The Knightsen Elementary School District Board voted 4-1 last week to shut down the school in an effort to help save the financially troubled district from bankruptcy. Board President Frank Dell voted against the closure.
“Frank (Dell) wasn’t quite ready to give up yet, but we knew it was time,” said Knightsen Superintendent Vickey Rinehart. “Everyone is sad. It is a very emotional time … it’s kind of like putting your child up for adoption.”
The closure of Old River will save the school district $62,000 a year. Additionally, the board has also voted to slice an extra $92,000 from the budget, agreeing to cut the music program and a library aide, as well as reduce school counseling hours and janitorial supplies. All of which, said Rinehart, will bring the district closer to balancing its approximately $4 million annual budget for the 2010-11 school year. Previous talk of a tentative merger between the Brentwood School District or possibly the Byron Union School District have stalled, as both neighboring districts are now dealing with their own financial woes due to recent cuts by the state.
“The state budget cuts sunk us from the beginning,” said Rinehart. “We lost $500,000 in funding this year out of our budget … I’m confident we are going to save ourselves, but it is going to be a very long, hard road.”
The nearly 150 students from Old River will remain in place for the remainder of the year, but will return to Knightsen Elementary at the beginning of the school session in July.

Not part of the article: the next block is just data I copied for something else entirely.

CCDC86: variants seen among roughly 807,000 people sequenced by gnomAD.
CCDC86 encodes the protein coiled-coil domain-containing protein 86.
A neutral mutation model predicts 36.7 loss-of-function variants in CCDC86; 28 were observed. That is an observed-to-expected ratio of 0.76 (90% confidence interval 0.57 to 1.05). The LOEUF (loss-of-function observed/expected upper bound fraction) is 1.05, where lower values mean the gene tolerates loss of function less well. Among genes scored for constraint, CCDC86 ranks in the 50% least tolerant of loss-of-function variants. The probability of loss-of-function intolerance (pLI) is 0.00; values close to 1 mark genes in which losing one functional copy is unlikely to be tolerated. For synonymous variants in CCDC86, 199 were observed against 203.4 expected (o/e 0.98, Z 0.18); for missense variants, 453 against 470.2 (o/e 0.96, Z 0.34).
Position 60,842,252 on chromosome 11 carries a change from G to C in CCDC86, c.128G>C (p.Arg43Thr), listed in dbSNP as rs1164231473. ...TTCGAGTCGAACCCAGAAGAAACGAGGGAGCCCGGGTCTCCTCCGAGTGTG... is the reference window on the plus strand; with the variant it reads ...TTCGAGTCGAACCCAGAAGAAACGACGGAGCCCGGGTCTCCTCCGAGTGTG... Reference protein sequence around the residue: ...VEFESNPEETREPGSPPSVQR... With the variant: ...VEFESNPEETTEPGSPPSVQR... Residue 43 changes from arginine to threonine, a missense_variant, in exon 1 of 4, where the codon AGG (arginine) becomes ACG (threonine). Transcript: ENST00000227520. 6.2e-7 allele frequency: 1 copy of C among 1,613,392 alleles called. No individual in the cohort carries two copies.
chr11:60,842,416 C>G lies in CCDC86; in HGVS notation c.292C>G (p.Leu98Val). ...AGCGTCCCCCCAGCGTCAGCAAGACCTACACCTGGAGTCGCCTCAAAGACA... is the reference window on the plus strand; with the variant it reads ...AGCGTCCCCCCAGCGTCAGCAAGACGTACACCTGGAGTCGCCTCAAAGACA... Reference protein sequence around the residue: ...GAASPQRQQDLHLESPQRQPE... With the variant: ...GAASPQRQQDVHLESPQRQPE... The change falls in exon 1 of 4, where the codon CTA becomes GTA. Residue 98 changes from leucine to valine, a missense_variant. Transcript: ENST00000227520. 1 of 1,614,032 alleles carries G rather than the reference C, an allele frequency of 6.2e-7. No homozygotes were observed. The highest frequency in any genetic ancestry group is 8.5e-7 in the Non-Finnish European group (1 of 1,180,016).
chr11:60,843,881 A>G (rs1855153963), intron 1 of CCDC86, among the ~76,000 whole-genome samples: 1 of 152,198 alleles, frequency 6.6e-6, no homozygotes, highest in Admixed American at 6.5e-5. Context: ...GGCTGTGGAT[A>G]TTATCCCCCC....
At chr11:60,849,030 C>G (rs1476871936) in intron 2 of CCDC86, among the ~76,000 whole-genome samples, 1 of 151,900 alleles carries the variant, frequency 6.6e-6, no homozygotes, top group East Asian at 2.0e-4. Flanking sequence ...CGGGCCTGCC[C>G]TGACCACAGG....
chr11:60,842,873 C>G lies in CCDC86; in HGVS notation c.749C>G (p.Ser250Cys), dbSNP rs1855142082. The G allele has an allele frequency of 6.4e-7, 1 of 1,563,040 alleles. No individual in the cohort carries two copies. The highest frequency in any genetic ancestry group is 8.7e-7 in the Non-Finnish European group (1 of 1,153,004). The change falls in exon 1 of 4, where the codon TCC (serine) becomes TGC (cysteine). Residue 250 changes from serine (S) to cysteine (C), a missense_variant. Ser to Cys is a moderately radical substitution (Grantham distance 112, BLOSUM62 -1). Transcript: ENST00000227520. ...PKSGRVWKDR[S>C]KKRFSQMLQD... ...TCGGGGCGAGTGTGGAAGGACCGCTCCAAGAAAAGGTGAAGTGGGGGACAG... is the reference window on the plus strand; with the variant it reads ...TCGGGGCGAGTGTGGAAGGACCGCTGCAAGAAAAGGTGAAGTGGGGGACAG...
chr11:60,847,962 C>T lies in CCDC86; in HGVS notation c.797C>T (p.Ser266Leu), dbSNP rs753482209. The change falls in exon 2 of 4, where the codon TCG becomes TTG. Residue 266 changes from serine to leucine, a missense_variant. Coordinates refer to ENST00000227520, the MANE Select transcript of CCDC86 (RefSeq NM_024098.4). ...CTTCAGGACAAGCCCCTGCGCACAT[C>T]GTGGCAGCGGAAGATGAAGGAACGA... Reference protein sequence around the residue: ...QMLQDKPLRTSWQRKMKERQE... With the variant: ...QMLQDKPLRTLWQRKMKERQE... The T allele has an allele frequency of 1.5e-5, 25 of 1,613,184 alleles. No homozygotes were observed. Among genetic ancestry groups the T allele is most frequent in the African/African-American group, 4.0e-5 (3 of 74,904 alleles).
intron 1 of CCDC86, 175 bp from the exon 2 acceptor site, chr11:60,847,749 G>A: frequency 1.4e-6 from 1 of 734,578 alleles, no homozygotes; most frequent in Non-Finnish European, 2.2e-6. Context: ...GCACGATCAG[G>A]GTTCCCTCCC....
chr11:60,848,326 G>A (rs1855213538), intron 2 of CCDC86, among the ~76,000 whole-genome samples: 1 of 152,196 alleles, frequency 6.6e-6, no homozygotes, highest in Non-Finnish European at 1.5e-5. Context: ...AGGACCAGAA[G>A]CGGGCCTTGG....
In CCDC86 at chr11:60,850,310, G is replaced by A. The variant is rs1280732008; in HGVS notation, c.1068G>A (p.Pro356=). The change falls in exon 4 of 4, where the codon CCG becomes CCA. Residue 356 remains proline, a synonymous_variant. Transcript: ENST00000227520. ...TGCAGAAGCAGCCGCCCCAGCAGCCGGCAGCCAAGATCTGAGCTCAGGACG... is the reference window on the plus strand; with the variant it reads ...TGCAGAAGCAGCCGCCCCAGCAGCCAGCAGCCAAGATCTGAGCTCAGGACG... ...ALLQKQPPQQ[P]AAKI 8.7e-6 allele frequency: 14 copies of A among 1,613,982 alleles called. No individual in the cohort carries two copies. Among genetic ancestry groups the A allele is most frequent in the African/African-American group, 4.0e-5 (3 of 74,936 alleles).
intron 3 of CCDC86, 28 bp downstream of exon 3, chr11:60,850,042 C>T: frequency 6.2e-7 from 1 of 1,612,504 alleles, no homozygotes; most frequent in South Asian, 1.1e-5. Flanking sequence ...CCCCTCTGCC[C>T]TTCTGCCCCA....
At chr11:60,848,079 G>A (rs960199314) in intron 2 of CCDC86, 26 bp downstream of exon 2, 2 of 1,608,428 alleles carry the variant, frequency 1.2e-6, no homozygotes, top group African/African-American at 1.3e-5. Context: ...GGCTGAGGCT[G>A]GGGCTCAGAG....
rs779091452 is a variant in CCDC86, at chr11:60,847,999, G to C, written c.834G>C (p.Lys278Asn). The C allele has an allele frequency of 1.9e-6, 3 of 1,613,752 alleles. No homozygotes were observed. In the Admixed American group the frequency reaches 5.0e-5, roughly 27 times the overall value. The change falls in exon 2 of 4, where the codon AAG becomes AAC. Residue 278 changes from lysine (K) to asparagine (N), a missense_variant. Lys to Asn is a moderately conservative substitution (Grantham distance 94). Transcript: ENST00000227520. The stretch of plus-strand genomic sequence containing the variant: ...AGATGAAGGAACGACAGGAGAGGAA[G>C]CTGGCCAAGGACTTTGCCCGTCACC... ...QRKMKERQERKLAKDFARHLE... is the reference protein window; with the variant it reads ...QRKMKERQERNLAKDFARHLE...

“The positives are that the kids and the brothers and sisters will all be back together again,” said Rinehart. “We have plenty of empty classrooms, so it’s just a matter of moving everyone over. It’s certainly a more unifying move than a divisive one.”
Old River’s Principal Ray Witte and the teaching staff will move to Knightsen Elementary as well. The current plan is for Witte to share a co-principal position with Knightsen Principal Theresa Estrada until Rinehart officially retires later this year, at which time Estrada will take over as superintendent.
“I am phasing out as superintendent and my plan is to have Mrs. Estrada in place (as superintendent) no later than December, 2010 – sooner if I can,” said Rinehart. “She’s very, very qualified and I know she’ll do a great job.”
Old River School has been fiscally challenged since it opened in 2008. State education cuts and a loss of funding forced the district to take out a $3 million loan to finish construction of the school. Currently the district pays $265,000 per year toward the debt, and, according to Rinehart, has two years of the remaining 17 years of payments currently in reserve. Where the money will come from after that, however, is unknown.
“We’ll cross that bridge when we come to it,” said Rinehart. “Right now, it’s one day at a time.”
The closure of the school is emotionally charged for the entire Knightsen community. When times became difficult, the community and parents club collected nearly $70,000 through barbecues, pancake breakfasts and other fundraising events.
“Everyone worked so hard; they did such an amazing job,” said Rinehart. “But I don’t think people really understood how much was involved in fundraising. To do that all again would just have been too much.”
Rochelle Hansen, a parent at Old River, agreed that the closure of the school is difficult: “I think most of us are sad to see the school close, but we saw it coming. Now everyone involved needs to make this a positive transition for the children.”